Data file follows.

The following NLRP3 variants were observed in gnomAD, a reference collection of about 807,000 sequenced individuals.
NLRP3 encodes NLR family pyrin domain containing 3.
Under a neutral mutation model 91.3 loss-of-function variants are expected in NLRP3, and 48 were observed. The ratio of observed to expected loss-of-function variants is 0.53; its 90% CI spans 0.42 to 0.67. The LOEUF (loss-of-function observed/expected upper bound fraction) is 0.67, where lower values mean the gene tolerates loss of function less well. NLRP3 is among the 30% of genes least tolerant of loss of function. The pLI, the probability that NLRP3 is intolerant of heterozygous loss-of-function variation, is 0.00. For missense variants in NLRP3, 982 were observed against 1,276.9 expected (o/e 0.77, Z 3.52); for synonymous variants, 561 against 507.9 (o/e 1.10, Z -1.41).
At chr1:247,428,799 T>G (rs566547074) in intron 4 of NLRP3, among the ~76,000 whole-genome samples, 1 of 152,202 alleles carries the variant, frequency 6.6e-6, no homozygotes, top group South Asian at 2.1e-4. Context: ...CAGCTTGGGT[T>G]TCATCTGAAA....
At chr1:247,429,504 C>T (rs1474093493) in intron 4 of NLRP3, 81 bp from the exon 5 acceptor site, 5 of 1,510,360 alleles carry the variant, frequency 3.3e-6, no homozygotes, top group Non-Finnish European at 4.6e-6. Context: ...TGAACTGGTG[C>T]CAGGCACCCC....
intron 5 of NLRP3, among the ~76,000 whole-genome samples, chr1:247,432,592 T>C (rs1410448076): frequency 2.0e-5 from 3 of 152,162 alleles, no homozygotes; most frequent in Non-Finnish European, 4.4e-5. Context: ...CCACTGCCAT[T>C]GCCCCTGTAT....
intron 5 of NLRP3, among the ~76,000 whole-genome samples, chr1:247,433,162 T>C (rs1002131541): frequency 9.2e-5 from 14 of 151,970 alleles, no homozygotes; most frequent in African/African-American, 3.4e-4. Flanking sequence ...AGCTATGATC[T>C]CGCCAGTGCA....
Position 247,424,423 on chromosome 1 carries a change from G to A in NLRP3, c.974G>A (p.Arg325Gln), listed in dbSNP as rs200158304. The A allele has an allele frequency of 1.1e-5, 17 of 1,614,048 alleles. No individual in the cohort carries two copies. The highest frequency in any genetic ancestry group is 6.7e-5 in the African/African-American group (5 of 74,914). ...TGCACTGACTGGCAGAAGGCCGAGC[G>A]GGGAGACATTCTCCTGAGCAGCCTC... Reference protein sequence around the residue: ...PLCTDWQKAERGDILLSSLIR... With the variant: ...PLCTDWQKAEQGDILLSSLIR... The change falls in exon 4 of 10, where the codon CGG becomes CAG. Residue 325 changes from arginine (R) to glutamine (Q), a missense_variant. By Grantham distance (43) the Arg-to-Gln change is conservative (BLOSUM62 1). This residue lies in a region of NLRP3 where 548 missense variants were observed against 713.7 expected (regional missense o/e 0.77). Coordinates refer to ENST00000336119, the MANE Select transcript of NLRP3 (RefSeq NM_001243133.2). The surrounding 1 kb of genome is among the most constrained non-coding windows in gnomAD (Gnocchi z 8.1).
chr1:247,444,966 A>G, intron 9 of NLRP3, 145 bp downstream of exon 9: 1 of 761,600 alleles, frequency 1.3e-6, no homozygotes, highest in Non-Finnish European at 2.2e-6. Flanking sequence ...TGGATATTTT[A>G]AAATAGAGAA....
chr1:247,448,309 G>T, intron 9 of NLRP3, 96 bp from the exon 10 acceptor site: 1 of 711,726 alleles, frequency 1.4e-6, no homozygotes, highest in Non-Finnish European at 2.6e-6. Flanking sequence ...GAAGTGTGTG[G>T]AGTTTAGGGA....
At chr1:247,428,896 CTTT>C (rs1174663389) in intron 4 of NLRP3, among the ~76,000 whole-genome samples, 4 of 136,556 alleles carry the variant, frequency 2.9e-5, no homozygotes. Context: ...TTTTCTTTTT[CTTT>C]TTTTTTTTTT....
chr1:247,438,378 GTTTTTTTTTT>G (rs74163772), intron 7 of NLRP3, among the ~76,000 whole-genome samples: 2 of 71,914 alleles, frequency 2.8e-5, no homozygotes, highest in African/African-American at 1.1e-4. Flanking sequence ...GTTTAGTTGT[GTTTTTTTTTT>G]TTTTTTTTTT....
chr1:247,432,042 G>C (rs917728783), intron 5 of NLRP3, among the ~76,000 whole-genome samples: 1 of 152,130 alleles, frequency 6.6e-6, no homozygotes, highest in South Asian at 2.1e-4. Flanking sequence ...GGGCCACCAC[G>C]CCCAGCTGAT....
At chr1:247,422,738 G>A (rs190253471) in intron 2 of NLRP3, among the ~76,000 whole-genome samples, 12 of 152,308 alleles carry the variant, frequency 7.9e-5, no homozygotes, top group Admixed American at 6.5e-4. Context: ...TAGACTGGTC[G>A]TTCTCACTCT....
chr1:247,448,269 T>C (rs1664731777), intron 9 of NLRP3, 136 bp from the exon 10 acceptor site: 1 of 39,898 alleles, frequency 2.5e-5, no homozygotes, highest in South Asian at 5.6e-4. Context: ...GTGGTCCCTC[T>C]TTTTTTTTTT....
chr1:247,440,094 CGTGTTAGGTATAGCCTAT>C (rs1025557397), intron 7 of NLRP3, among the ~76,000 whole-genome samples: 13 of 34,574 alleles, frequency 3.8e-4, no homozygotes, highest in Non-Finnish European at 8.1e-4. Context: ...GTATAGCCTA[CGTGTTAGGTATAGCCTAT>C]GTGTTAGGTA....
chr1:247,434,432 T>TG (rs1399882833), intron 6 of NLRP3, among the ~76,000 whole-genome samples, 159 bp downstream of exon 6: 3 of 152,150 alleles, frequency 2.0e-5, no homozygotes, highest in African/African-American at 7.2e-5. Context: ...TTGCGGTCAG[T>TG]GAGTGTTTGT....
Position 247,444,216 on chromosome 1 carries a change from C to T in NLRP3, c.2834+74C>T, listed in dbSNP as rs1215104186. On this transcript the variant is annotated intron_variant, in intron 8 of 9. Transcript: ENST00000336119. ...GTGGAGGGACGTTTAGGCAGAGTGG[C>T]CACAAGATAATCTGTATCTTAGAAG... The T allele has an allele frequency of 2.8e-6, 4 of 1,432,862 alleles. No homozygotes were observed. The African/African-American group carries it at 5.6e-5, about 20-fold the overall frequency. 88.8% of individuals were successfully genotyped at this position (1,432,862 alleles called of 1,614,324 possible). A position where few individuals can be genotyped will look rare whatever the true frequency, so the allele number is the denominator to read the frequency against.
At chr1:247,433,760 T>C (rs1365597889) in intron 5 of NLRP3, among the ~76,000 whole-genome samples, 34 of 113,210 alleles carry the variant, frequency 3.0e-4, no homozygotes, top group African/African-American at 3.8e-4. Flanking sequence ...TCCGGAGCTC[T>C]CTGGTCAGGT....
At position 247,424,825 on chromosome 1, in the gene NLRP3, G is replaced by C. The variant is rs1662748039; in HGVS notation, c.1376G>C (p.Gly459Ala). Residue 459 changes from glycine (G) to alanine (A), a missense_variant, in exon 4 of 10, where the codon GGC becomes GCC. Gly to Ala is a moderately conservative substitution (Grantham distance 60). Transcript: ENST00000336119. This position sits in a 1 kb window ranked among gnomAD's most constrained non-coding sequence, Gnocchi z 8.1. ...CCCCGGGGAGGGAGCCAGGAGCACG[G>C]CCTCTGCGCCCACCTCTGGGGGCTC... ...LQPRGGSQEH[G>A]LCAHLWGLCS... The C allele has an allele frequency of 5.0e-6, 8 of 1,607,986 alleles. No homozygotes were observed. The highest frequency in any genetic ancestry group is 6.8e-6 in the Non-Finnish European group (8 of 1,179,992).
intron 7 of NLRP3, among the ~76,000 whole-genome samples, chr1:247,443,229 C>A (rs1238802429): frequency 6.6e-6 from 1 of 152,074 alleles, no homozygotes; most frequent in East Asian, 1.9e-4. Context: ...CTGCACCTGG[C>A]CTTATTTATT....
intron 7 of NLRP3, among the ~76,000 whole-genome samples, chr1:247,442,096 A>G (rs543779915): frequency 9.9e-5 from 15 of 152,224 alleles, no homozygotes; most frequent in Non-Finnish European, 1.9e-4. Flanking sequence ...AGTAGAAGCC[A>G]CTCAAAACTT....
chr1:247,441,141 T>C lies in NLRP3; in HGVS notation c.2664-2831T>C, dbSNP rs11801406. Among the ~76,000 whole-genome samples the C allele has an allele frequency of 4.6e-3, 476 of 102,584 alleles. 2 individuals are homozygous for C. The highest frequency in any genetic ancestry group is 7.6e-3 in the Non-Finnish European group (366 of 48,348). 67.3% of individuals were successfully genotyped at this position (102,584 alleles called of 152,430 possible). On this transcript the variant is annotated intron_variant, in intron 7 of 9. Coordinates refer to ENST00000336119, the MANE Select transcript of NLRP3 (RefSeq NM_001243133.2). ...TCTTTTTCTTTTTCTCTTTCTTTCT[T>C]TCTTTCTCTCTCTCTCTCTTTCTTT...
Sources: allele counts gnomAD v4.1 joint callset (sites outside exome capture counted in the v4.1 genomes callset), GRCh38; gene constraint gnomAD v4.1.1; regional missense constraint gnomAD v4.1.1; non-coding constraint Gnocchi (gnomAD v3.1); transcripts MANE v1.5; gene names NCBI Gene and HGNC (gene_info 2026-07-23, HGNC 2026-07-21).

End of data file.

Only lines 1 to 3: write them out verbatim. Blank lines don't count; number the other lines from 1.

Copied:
The following NLRP3 variants were observed in gnomAD, a reference collection of about 807,000 sequenced individuals.
NLRP3 encodes NLR family pyrin domain containing 3.
Under a neutral mutation model 91.3 loss-of-function variants are expected in NLRP3, and 48 were observed. The ratio of observed to expected loss-of-function variants is 0.53; its 90% CI spans 0.42 to 0.67. The LOEUF (loss-of-function observed/expected upper bound fraction) is 0.67, where lower values mean the gene tolerates loss of function less well. NLRP3 is among the 30% of genes least tolerant of loss of function. The pLI, the probability that NLRP3 is intolerant of heterozygous loss-of-function variation, is 0.00. For missense variants in NLRP3, 982 were observed against 1,276.9 expected (o/e 0.77, Z 3.52); for synonymous variants, 561 against 507.9 (o/e 1.10, Z -1.41).